Issue: Issue 4 2012
Perspective from Philippe Neyret, MD
August 27, 2012
2 min read

Low reliability of Knee Society Score suggests need for alternative assessment methods

Objective inertia-based motion tests and patient-reported outcome measures should be used in clinical outcomes assessment of primary knee arthroplasty.

Issue: Issue 4 2012
Perspective from Philippe Neyret, MD
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BERLIN — Significant variance seen in Knee Society Scores for primary total knee arthroplasty has called into question the score’s utility for effectively measuring function in patients postoperatively, according to a study presented at the 13th EFORT Congress 2012, here.

“Huge variability in Knee Society knee and function score exists between studies on comparable groups of primary total knee arthroplasty (TKA) patients at preoperative and various follow-up times,” Rachel Senden, PhD, of the Department of Orthopaedic Surgery and Traumatology at Atrium Medical Center in Heerlen, Netherlands, told Orthopaedics Today Europe.

The disparity range (the difference between maximum and minimum average scores reported over 71 study groups, including 4,170 patients, across 37 studies) in the Knee Society Score (KSS) reported in the analysis that Senden presented was 42 points and 44 points, respectively, for KSS knee and KSS function. This was too large to only be attributed to treatment differences or patient indications.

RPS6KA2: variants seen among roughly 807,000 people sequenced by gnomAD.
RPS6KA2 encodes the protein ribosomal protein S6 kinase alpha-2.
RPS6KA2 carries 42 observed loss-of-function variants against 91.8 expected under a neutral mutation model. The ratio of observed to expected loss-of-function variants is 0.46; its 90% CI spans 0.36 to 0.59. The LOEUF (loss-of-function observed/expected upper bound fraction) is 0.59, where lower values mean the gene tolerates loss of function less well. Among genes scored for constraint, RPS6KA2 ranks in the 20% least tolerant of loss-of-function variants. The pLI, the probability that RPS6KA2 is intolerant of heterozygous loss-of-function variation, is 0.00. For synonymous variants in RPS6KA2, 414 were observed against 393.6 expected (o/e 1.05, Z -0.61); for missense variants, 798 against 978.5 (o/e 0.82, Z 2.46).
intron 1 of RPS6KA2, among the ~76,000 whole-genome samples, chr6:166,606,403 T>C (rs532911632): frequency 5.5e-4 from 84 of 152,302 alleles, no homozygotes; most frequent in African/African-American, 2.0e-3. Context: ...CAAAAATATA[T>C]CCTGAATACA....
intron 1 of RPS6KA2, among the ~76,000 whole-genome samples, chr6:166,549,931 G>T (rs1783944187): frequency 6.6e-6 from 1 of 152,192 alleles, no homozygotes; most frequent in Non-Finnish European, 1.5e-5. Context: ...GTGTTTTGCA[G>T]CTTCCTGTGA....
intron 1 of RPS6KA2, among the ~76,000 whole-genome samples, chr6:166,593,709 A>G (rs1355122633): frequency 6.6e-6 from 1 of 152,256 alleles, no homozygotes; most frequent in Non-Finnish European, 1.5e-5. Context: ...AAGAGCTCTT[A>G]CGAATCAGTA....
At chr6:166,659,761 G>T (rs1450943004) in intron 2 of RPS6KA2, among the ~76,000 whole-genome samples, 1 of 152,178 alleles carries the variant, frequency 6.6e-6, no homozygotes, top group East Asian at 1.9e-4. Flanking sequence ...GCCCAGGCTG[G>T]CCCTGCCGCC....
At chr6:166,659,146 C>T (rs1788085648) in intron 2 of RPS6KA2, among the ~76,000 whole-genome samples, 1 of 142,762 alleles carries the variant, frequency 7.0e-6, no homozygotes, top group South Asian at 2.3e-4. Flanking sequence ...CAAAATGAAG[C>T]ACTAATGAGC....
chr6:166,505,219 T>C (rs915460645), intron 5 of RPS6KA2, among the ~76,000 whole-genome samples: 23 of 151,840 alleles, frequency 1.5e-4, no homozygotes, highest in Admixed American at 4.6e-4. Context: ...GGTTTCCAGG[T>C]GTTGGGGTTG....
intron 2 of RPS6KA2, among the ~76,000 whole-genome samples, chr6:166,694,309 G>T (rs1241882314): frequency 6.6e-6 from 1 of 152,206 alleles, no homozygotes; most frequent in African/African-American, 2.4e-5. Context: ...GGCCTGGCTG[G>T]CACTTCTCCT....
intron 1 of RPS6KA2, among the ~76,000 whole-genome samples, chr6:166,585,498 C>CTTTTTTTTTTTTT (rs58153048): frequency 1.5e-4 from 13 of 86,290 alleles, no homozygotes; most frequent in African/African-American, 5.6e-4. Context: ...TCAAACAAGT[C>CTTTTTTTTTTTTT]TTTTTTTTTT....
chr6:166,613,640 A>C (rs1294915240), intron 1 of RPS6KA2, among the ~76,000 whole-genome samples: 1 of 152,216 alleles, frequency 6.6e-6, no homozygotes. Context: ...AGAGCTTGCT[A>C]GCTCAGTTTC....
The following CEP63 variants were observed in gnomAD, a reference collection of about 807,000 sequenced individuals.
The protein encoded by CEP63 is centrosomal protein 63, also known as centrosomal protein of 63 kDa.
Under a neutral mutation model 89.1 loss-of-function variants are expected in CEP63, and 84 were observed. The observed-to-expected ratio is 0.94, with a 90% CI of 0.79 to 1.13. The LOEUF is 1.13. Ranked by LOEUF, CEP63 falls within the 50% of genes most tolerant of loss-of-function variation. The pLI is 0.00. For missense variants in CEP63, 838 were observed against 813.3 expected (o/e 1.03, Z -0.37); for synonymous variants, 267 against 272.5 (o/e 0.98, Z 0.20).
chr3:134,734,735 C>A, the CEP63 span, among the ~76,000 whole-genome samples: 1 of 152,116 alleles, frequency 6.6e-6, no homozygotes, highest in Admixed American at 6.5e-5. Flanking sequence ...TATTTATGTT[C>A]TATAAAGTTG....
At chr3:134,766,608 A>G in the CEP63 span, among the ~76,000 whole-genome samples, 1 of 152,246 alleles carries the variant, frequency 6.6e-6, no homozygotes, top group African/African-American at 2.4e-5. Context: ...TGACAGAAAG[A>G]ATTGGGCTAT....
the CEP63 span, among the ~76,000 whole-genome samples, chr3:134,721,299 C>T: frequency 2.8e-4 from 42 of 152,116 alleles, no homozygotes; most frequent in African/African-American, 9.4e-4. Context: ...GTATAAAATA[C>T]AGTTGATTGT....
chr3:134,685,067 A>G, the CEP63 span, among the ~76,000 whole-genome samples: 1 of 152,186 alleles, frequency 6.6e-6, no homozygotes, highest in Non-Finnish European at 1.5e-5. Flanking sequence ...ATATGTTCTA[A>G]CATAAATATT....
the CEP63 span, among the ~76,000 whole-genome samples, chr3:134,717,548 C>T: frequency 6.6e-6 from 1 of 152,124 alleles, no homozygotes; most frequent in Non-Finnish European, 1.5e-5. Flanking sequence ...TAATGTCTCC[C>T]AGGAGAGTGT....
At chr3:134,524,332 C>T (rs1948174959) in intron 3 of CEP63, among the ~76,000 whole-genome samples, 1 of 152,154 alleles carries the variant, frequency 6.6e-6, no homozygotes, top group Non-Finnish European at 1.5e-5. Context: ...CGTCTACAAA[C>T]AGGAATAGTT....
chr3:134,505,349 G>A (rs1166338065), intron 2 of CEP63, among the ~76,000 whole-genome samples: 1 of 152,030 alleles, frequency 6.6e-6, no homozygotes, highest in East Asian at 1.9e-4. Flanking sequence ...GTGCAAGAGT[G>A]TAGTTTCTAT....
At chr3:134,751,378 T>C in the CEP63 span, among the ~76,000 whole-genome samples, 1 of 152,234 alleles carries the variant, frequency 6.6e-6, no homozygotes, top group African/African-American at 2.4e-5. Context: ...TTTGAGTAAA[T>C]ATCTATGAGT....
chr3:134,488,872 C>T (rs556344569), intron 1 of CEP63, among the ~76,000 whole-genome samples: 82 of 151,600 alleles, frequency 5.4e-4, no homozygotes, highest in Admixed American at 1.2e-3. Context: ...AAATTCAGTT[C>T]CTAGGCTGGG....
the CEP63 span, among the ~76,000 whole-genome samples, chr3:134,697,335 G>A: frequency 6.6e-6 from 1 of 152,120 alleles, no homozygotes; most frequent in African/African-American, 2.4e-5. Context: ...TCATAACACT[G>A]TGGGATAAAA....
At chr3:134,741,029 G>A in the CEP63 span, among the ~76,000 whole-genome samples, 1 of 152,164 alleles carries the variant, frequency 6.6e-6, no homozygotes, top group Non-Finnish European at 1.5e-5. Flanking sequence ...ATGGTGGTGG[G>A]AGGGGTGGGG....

Rachel Senden 

Rachel Senden

Alternative scores, results

“This variability shows that the reliability of KSS scoring is poor, which challenges the concurrent validity of the KSS,” Senden said. She suggested using additional knee scores, such as patient-reported outcome measures (PROMs) like the Knee Injury and Osteoarthritis Outcome Score, and the recently developed new Knee Society Score. However, further studies are needed to see whether the reliability is improved with these patient-reported outcomes, she noted.

According to the study abstract, KSS scoring differs between hospitals, countries and cultures and even between individual doctors. The average KSS knee score over all study groups ranged from 23 points to 65 points, showing a difference of 40 points, which covers nearly half of the 100-point KSS scale.

Disparity range in KSS score between studies

Other discrepancies noted


In addition, investigators noted in two studies that the preoperative knee function was so high that it would be considered a fair outcome and not a low preoperative score indicating for TKA.

Except for KSS function scores at the 1-year follow-up, the postoperative disparity range was either similar or smaller than that of the preoperative scores, which was noted in the abstract.

In addition to PROMs, another possible alternative, Senden said, was to perform objective inertia-based motion analysis tests, which could analyze function without requiring patient input.

“I think this will become increasingly necessary for outcome assessment in clinical studies,” Senden said. – by Jeff Craven

  • Senden R, Heyligers I, Grimm B. Poor reproducibility of the Knee Society Scores challenges its value for clinical follow-up and comparative studies. Paper #12-2831. Presented at the 13th EFORT Congress 2012. May 23-25. Berlin.
For more information:
  • Rachel Senden, PhD, can be reached at Henri Dunantstraat 5, Heerlen, Netherlands; email:
  • Disclosure: Senden has no relevant financial disclosures. Heyligers and Grimm are consultants to and receive grant/research support from Biomet and Stryker.